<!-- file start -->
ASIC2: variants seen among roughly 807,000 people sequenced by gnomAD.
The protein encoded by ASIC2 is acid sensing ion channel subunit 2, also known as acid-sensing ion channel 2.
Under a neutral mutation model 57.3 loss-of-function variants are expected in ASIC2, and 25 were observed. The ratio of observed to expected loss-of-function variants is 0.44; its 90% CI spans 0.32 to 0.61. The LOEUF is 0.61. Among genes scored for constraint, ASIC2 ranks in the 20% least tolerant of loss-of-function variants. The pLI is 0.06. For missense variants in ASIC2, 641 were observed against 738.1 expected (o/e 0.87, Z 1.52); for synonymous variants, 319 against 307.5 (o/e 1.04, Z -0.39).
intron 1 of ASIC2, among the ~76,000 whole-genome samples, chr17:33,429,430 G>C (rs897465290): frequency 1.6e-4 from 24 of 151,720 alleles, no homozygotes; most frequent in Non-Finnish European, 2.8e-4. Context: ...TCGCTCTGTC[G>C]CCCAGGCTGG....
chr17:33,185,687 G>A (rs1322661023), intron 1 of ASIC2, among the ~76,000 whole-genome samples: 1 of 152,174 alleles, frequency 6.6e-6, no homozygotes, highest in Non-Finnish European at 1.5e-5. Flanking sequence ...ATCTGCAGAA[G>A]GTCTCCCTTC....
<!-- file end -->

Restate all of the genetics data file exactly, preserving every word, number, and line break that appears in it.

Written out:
ASIC2: variants seen among roughly 807,000 people sequenced by gnomAD.
The protein encoded by ASIC2 is acid sensing ion channel subunit 2, also known as acid-sensing ion channel 2.
Under a neutral mutation model 57.3 loss-of-function variants are expected in ASIC2, and 25 were observed. The ratio of observed to expected loss-of-function variants is 0.44; its 90% CI spans 0.32 to 0.61. The LOEUF is 0.61. Among genes scored for constraint, ASIC2 ranks in the 20% least tolerant of loss-of-function variants. The pLI is 0.06. For missense variants in ASIC2, 641 were observed against 738.1 expected (o/e 0.87, Z 1.52); for synonymous variants, 319 against 307.5 (o/e 1.04, Z -0.39).
intron 1 of ASIC2, among the ~76,000 whole-genome samples, chr17:33,429,430 G>C (rs897465290): frequency 1.6e-4 from 24 of 151,720 alleles, no homozygotes; most frequent in Non-Finnish European, 2.8e-4. Context: ...TCGCTCTGTC[G>C]CCCAGGCTGG....
chr17:33,185,687 G>A (rs1322661023), intron 1 of ASIC2, among the ~76,000 whole-genome samples: 1 of 152,174 alleles, frequency 6.6e-6, no homozygotes, highest in Non-Finnish European at 1.5e-5. Flanking sequence ...ATCTGCAGAA[G>A]GTCTCCCTTC....